This story was written by Sarah-dale Simpkins, The Reflector
Despite Mississippi's presidential primary coming up on March 11, many Mississippi State University students have not registered to vote. They will forego their right to vote in the primary if they do not register by Sunday.
"Eighteen to 21-year-olds as a group tend to have a pretty low turnout rate compared to other age groups throughout the country," MSU political science department head David Breaux said. "As a democracy, it's important for people to vote and get their opinion out there."
Breaux said the main reason college-age students do not feel voting is important is because they feel they are not as affected by political decisions as older members of society.
"They don't feel like they have a stake in society yet," he said. "They haven't reached that point where they feel they have an investment in a job, house or career and they get busy with other things like school or social activities."
Marty Wiseman, director of the Stennis Institute of Government, said Congress passed a constitutional amendment in 1971 that lowered the voting age from 21 to 18.
He said it all started during the Vietnam War when the draft was enacted. Young soldiers felt that if they were old enough to go to war and fight for their country, they deserved to be involved in choosing its leader, Wiseman said.
"Back when we had the draft and other things that affected college students directly, it was college students that marched in the streets and brought an end to the Vietnam War, simply because of their political activism," he said.
Wiseman said everybody knows about the energy college students bring to politics, but they've learned to count on them not voting.
"If college students ever started voting, it would turn the political world upside down in a big way," he said.
Junior communication major Kalea Henry, the reigning Miss Magnolia State, has dedicated her title to promoting registration and voting among young adults.
"One way we have tried promoting voter turnout by the younger crowd is by going into area schools and registering high school seniors who otherwise might not have taken the time to do so on their own," she said.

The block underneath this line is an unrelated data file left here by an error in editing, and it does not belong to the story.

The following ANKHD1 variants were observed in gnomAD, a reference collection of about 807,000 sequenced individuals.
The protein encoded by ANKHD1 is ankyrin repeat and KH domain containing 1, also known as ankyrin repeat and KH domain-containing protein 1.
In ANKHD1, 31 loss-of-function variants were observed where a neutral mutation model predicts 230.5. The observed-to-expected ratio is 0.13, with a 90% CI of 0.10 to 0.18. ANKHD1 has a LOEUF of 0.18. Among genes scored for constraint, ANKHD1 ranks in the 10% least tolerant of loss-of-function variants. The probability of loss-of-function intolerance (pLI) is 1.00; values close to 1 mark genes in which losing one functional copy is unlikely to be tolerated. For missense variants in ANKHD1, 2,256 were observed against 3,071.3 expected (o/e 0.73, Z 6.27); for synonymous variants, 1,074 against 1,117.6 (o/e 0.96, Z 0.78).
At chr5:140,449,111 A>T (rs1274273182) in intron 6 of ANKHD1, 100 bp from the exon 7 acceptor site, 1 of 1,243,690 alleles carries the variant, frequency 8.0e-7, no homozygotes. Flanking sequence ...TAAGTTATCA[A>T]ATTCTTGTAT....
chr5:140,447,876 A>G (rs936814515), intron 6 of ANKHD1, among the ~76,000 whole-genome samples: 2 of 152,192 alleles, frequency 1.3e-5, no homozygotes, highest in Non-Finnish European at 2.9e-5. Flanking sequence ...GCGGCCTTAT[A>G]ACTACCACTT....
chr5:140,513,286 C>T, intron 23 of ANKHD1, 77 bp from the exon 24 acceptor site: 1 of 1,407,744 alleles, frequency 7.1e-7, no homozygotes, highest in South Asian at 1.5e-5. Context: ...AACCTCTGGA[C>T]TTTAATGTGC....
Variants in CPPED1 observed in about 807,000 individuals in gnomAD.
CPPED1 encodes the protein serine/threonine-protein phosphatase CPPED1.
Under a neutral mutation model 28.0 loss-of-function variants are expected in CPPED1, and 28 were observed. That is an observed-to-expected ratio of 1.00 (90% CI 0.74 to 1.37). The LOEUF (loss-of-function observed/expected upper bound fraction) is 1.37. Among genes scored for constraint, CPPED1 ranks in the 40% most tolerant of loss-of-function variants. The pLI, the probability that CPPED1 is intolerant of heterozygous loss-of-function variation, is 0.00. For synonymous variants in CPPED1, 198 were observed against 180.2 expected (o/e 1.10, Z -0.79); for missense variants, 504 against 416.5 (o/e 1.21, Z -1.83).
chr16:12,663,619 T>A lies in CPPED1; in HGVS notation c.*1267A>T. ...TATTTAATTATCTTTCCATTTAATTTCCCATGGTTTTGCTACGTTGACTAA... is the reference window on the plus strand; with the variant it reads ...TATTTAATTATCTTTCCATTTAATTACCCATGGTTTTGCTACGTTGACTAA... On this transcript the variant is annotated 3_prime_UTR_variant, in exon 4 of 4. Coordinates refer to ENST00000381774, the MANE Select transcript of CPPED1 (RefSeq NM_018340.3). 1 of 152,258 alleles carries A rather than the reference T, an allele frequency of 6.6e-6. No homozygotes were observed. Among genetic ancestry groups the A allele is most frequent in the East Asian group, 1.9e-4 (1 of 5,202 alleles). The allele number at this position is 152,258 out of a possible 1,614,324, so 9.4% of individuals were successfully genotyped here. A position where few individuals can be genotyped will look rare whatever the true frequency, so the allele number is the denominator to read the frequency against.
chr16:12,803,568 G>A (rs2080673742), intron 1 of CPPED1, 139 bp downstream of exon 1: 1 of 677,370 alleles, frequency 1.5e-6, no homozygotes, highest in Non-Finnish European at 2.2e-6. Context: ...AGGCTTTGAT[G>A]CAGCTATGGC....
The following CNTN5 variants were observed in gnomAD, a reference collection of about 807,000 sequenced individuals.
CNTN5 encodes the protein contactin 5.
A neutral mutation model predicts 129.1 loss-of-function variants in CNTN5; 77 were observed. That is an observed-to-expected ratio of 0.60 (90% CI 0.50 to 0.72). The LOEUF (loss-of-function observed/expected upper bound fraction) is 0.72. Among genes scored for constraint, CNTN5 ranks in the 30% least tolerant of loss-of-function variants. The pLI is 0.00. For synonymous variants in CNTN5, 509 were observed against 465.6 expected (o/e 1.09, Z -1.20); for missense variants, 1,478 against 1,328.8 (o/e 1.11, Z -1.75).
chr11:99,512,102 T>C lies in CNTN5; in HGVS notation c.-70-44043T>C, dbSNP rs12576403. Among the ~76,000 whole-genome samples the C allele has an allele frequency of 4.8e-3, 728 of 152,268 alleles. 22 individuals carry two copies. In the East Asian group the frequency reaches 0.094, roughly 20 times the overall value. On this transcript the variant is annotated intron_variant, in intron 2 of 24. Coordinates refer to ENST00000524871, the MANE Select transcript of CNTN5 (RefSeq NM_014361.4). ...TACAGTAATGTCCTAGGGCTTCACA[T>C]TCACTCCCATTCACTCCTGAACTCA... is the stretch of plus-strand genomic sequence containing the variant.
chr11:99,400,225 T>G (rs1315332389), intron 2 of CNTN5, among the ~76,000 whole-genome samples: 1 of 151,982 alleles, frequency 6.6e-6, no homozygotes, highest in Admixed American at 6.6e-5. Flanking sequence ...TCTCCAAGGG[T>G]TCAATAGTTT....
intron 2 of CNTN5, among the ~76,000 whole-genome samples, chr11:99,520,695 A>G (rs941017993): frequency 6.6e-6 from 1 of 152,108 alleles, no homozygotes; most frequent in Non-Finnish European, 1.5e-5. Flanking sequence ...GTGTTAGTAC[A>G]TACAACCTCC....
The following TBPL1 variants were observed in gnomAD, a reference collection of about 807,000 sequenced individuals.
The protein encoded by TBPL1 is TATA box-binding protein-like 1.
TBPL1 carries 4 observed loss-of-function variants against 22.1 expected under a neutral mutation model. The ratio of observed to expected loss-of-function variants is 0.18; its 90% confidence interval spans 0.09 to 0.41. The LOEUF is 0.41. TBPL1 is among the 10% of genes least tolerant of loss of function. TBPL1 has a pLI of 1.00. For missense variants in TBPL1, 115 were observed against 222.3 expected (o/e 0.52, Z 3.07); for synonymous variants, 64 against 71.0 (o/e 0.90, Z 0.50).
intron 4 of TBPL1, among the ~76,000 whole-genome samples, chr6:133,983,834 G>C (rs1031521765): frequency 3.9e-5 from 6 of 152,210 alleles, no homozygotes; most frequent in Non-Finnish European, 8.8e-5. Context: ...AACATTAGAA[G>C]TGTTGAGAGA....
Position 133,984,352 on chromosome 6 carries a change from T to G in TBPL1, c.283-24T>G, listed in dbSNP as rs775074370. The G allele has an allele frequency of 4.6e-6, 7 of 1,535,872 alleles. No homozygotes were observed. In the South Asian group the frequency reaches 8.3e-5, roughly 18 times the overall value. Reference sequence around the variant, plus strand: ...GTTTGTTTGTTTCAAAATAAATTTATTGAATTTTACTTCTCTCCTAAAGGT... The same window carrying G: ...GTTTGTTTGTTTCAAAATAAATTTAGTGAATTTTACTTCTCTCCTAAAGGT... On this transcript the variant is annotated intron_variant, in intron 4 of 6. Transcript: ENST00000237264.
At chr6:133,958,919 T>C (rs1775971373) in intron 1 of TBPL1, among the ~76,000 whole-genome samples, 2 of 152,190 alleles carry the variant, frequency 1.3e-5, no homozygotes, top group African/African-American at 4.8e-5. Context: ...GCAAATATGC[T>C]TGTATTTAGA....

She said one of the reasons many young, eligible citizens do not exercise their right to vote is because they do not realize the impact one vote can have on their community.
"I think young voters need to feel like they can make a change. At a young age, it's important to become aware of community and local affairs," Henry said. "If one isn't involved or at least familiar with how our country's political system works, then [he or she] won't become engaged in the process until they are directly affected by the problems at hand."
Henry said the distraction of student life and politicians not directing their attention to student voters affects the turnout.
"It is a privilege for us to live in a country where we have the right to determine who we feel will best serve our community, state and country," she said. "However, many times, we get very busy in our own lives and don't take the time to learn about the candidates running for office nor do we take the time to go to polls and cast our votes."
One example indicates why students should vote: They pay a large portion of the two percent food and beverage tax in Starkville.
Wiseman said by not voting, students forfeit their representation.
"Mississippi State students in particular need to be registered and involved because for the past two terms they have elected a member to the Board of Aldermen, and all the students who have done that have moved on from Ward Four (the Cotton District), and now it's largely a student ward with no registered voters in it," he aid.
Wiseman said students registering to vote need to be 18 years of age, U.S. citizens and Mississippi residents. Those eligible can register at the courthouse downtown.
© 2008 The Reflector via U-WIRE